• “Húsavík (Hometown)” from EUROVISION SONG CONTEST: THE STORY OF FIRE SAGA, music and lyrics by Savan Kotecha, Rickard Göransson, and Fat Max Gsus (review)


  • “I’ll Be Singing” from WILD MOUNTAIN THYME, music and lyrics by Amelia Warner and John Patrick Shanley (review)
  • “Jaja Ding Dong” from EUROVISION SONG CONTEST: THE STORY OF FIRE SAGA, music and lyrics by Gustaf Holter and Christian Persson (review)
  • “Sakın Bırakma” from SADAN HANIM, music and lyrics by George Kallis and Candan Erçetin (review)
  • “You’re My Effigy” from EFFIGY: POISON AND THE CITY, music and lyrics by Nic Raine and Jana Raine (review)

Having been a fan of the Eurovision Song Contest for most of my life, I of course fell in love with the songs in EUROVISION SONG CONTEST: THE STORY OF FIRE SAGA. What’s so great about these songs is that, without exception, they could all be genuine Eurovision songs, rather than parody-homages. The songwriters clearly did their research to capture the tone and spirit of the competition’s most famous and popular entries, and between then came up with half a dozen knockout pieces which both pay appropriate respect to the competition itself, and are (in my opinion) genuinely good songs in their own right. The best of these is “Húsavík (Hometown)” by Savan Kotecha, Rickard Göransson, and Fat Max Gsus. The song is the climax of the film; it’s a beautifully intimate song, which switches from English to Icelandic and back again, has a sweeping and moving orchestral backing, and finishes with a glass-shattering ‘speorgnote’ that ends the movie on an emotional high. It plays an integral part of the film progressing the plot, and it’s genuinely great both musically and lyrically.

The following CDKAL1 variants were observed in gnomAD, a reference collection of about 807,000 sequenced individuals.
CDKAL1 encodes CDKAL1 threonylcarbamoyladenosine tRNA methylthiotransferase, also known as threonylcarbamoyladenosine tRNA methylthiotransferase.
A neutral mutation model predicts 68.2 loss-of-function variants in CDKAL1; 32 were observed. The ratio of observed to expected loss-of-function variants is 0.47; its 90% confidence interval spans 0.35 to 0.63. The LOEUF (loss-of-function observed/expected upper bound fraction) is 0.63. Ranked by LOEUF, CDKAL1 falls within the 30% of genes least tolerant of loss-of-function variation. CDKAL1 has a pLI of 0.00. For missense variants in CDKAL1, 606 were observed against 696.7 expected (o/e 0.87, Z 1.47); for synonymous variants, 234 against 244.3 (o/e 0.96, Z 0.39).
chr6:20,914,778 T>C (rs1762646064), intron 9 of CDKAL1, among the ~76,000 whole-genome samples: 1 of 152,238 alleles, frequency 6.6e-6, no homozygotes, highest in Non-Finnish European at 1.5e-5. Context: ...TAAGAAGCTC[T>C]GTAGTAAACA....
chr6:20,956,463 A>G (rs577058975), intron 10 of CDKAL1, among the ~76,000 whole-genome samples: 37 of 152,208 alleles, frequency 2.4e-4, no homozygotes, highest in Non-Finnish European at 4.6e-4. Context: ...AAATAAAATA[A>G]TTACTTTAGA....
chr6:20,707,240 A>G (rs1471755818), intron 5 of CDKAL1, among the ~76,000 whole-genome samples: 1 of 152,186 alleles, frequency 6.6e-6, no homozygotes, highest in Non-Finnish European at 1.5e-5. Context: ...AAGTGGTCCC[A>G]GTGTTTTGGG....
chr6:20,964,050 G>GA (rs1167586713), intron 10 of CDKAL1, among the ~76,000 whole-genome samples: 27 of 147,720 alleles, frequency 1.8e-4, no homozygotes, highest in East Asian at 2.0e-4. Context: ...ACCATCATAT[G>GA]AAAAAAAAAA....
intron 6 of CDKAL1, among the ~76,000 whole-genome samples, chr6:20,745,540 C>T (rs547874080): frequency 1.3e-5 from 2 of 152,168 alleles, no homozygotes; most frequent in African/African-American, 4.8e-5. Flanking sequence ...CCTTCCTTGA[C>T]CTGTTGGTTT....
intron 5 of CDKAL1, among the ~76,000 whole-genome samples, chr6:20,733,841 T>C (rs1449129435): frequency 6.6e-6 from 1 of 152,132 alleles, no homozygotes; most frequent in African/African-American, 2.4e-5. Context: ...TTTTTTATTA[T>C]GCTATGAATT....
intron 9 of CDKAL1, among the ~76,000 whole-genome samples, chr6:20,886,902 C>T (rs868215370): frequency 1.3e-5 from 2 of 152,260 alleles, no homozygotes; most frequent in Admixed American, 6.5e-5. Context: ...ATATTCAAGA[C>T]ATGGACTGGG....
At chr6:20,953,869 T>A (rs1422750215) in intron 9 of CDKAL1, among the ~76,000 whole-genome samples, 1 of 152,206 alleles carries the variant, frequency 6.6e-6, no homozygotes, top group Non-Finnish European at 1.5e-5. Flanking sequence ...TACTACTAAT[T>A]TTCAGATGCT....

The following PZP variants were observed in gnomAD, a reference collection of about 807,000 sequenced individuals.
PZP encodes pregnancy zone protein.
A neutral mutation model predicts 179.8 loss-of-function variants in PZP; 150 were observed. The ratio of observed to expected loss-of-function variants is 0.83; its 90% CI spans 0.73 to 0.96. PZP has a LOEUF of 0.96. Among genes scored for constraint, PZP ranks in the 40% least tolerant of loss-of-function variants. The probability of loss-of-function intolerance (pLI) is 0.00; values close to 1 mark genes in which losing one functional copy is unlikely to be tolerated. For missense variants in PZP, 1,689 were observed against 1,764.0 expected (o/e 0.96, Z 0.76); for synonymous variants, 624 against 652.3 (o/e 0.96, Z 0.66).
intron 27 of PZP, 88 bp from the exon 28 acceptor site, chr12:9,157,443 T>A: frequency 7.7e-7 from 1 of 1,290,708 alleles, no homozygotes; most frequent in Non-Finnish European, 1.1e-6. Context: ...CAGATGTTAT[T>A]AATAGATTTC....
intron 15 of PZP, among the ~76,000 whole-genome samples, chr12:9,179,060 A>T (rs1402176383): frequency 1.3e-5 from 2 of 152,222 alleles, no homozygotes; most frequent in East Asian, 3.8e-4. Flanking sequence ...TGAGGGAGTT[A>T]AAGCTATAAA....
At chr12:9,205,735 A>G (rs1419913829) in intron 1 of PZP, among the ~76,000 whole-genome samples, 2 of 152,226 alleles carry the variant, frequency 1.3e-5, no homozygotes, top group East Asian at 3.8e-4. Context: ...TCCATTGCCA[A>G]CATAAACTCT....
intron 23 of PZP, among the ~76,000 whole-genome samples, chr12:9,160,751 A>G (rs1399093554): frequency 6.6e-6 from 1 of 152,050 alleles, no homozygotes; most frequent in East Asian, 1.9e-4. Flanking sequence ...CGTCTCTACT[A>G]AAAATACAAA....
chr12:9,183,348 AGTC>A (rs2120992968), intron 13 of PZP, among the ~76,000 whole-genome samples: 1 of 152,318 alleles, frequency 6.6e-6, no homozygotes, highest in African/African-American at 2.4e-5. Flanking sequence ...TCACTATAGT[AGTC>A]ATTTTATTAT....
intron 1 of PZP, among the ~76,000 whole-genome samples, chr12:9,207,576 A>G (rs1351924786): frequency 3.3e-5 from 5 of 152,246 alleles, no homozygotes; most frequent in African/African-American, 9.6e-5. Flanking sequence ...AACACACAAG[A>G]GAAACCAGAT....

I could have easily filled the rest of this category with other songs from EUROVISION SONG CONTEST: THE STORY OF FIRE SAGA but in the end I held myself to just one: “Jaja Ding Dong” by Gustaf Holter and Christian Persson. It’s fantastic parody of German schlager music, a drinking song with a polka beat, a prominent accordion, and lyrics that used barely disguised double-entendres to talk about sex. The chorus is ridiculously catchy, and best of all it pays loving tribute to all those nonsensical party songs which dominated Eurovision in the late 1970s and early 80s.

The other three songs are all beautiful ballads performed by female vocalists. Sinéad O’Connor sings “I’ll Be Singing” from WILD MOUNTAIN THYME with all the resonance and yearning she can muster in her voice, a glorious and haunting sound. Turkish singer-songwriter Candan Erçetin translated the lyrics of the song “The River of Life” from the documentary SADAN HANIM into her native language as “Sakın Bırakma”, and performed George Kallis’s melody with a smoky, exotic quality in her voice, a Turkish version of Édith Piaf. Finally, “You’re My Effigy” from the film EFFIGY: POISON AND THE CITY was performed with diva-like operatic majesty by singer Jana Raine, a song which build on her husband Nic Raine’s stunningly beautiful main theme.